Systems of Three Linear Equations with Three Varaibles. Third-Order Determinants

Third-order determinant is a number that is defined by equality `|[a,b,c],[d,e,f],[g,h,i]|=aei+bfg+cdh-ceg-afh-bdi`.

This formula is a bit hard, but luckily you don't need to remember it. It is sufficiently to understand how this formula is derived.

So, there are three summands with "+" sign and three summands with "-" sign. With "+" sign there is product of elments onlaw of triangles for calculating third-order determinant the main diagonal and two products of elements that form a triangle, whose base is parallel to the main diagonal. With "-" sign there is product of elments off the main diagonal and two products of elements that form a triangle, whose base is perpendicular to the main diagonal. This rule is called law of triangles and is shown on figure to the right.

calculating third-order determinantAnother good method to remember formula for determinant is to write first two columns to the right of determinant and then calculate products along "diagonals". For better understanding see figure to the left (green lines are products with "+" and red lines are products with "-").

For example,

`|[2,4,1],[-1,3,5],[4,-1,3]|=2*3*3+4*5*4+1*(-1)*(-1)-1*3*4-2*5*(-1)-4*(-1)*3=109`.

Cofactor of the element `a_(ik)` of third-order is called number `A_(ik)`, that is second-order deterimnant, obtained by crossing out i-th row and k-th column of given determinant and take with "+" if `i+k` is even number, and with "-" if `i+k` is odd number.

For example, for determinant `|[a,b,c],[d,e,f],[g,h,i]|` `A_(11)=|[e,f],[h,i]|` (we crossed out first row and first column and since 1+1=2 is even number, then we take determinant with "+" sign) and `A_(32)=-|[a,c],[d,f]|` (we crossed out third row and second column and since 3+2=5 is odd number, then we take determinant with "-" sign).

Fact (Cofactor Expansion). Determinant equals sum of products of elements of any row (column) and corresponding cofactors.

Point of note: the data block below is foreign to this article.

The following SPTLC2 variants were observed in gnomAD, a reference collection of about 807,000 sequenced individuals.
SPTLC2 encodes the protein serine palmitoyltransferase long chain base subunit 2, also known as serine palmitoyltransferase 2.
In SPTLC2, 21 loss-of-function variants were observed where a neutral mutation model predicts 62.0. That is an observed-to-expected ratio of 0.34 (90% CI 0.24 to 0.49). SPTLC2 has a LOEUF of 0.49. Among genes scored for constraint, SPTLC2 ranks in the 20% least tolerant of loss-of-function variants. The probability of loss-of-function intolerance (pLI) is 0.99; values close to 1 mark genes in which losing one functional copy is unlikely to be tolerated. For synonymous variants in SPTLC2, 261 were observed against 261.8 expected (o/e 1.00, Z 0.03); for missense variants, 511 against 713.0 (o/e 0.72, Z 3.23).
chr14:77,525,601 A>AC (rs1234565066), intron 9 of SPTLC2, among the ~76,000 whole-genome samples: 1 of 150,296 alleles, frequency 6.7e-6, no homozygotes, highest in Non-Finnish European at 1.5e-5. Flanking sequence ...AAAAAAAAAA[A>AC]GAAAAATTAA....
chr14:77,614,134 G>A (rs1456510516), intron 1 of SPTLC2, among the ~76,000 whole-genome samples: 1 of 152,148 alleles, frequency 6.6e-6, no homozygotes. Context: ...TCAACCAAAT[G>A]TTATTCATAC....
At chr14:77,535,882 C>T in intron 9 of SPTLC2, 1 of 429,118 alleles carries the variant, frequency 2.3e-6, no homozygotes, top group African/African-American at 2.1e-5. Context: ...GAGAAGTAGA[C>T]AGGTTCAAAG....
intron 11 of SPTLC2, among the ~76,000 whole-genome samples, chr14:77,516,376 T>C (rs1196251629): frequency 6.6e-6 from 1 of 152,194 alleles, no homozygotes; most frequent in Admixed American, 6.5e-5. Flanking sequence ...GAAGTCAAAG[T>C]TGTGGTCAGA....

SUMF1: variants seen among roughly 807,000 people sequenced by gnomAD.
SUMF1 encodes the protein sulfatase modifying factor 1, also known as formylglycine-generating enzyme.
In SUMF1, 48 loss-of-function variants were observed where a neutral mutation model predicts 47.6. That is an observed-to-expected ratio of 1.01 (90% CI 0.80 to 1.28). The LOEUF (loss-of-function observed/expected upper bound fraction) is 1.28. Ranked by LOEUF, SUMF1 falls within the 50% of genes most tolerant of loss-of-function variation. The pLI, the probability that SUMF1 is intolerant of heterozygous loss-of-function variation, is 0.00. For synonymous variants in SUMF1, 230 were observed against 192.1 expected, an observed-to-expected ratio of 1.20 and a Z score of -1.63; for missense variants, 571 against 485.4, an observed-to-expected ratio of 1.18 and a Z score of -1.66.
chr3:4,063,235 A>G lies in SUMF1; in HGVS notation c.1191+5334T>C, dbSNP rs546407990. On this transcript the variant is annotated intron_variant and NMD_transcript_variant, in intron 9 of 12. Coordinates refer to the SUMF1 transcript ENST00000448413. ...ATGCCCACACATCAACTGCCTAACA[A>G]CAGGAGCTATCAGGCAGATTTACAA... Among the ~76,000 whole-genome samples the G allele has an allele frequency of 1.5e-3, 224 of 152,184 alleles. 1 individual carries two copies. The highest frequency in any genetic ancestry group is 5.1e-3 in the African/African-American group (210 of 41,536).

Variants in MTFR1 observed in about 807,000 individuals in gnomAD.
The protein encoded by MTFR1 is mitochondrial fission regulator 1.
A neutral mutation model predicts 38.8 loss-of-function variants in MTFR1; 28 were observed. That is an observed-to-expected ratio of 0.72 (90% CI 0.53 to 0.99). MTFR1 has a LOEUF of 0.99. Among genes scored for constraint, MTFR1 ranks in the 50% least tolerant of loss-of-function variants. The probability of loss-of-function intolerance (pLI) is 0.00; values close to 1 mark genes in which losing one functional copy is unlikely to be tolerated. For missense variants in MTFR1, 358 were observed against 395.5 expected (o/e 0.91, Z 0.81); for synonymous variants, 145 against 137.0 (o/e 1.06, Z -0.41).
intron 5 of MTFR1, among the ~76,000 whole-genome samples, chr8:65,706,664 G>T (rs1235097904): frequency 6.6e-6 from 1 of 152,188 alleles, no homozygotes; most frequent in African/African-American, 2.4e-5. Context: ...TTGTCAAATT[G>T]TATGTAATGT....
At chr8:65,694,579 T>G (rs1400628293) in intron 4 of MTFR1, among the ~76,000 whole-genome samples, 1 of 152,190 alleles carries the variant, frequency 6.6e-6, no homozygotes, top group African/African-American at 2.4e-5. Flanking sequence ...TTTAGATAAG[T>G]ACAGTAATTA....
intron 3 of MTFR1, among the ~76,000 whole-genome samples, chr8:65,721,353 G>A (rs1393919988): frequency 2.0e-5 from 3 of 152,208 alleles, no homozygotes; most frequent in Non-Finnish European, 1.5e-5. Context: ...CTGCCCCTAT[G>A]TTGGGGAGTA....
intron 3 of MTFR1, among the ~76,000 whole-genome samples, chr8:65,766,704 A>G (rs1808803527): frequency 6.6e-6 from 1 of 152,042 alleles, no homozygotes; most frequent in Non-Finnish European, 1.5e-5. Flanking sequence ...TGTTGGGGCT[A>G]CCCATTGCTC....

For example, let's calculate determinant `Delta=|[2,4,1],[-1,3,5],[4,-1,3]|` in two ways:

  1. Expand along first row: `Delta=2*A_(11)+4*A_(12)+1*A_(13)=2|[3,5],[-1,3]|-4|[-1,5],[4,3]|+1*|[-1,3],[4,-1]|=`

    `=2(3*3-5*(-1))-4((-1)*3-5*4)+((-1)*(-1)-3*4)=109`.

  2. Expand along second column: `Delta=4*A_(21)+3*A_(22)-1*A_(23)=-4|[-1,5],[4,3]|+3|[2,1],[4,3]|+1*|[2,1],[-1,5]|=`

    `=-4((-1)*3-5*4)+3(2*3-1*4)+(2*5-1*(-1))=92+6+11=109`.

As can be seen we obtained same result. Once again, we can expand along any row or column.

For systems of three linear equations with three variables `{(a_(11)x+a_(12)y+a_(13)z=b_1),(a_(21)x+a_(22)y+a_(23)z=b_2),(a_(31)x+a_(32)y+a_(33)z=b_3):}` Cramer's Rule is also applicable: let `Delta =|[a_(11),a_(12),a_(13)],[a_(21),a_(22),a_(23)],[a_(31),a_(32),a_(33)]|`

`Delta_x =|[b_(1),a_(12),a_(13)],[b_(2),a_(22),a_(23)],[b_(3),a_(32),a_(33)]|,\ Delta_y=|[a_(11),b_(1),a_(13)],[a_(21),b_(2),a_(23)],[a_(31),b_(3),a_(33)]|,\ Delta_z=|[a_(11),a_(12),b_(1)],[a_(21),a_(22),b_(2)],[a_(31),a_(32),b_(3)]|` (where `Delta_x,Delta_y,Delta_z` are obtained from `Delta` by replacing column of coefficients near corresponding variable with column of free members), then:

  1. if `Delta!=0` then system has unique solution `x=(Delta x)/x,y=(Delta y)/y,z=(Delta z)/z`.
  2. if `Delta=Delta_x=Delta_y=Delta_z=0` then system has infinitely many solutions.
  3. if `Delta=0` and at least one of other determinants doesn't equal zero, then system is inconsistent, i.e. there are no solutions.

Example. Solve system of equations `{(2x+4y+z=-3),(-x+3y+5z=7),(4x-y+3z=-5):}`.

Here `Delta=|[2,4,1],[-1,3,5],[4,-1,3]|=109`.

`Delta_x=|[-3,4,1],[7,3,5],[-5,-1,3]|=-218`.

`Delta_y=|[2,-3,1],[-1,7,5],[4,-5,3]|=0`.

`Delta_z=|[2,4,-3],[-1,3,7],[4,-1,-5]|=109`.

Since `Delta!=0`, system has unique solution: `x=(Delta x)/(Delta)=(-218)/(109)=-2,\ y=(Delta y)/(Delta)=0/(109)=0,\ z=(Delta z)/(Delta)=(109)/(109)=1`.

So, x=-2, y=0, z=1 is solution of the initial system.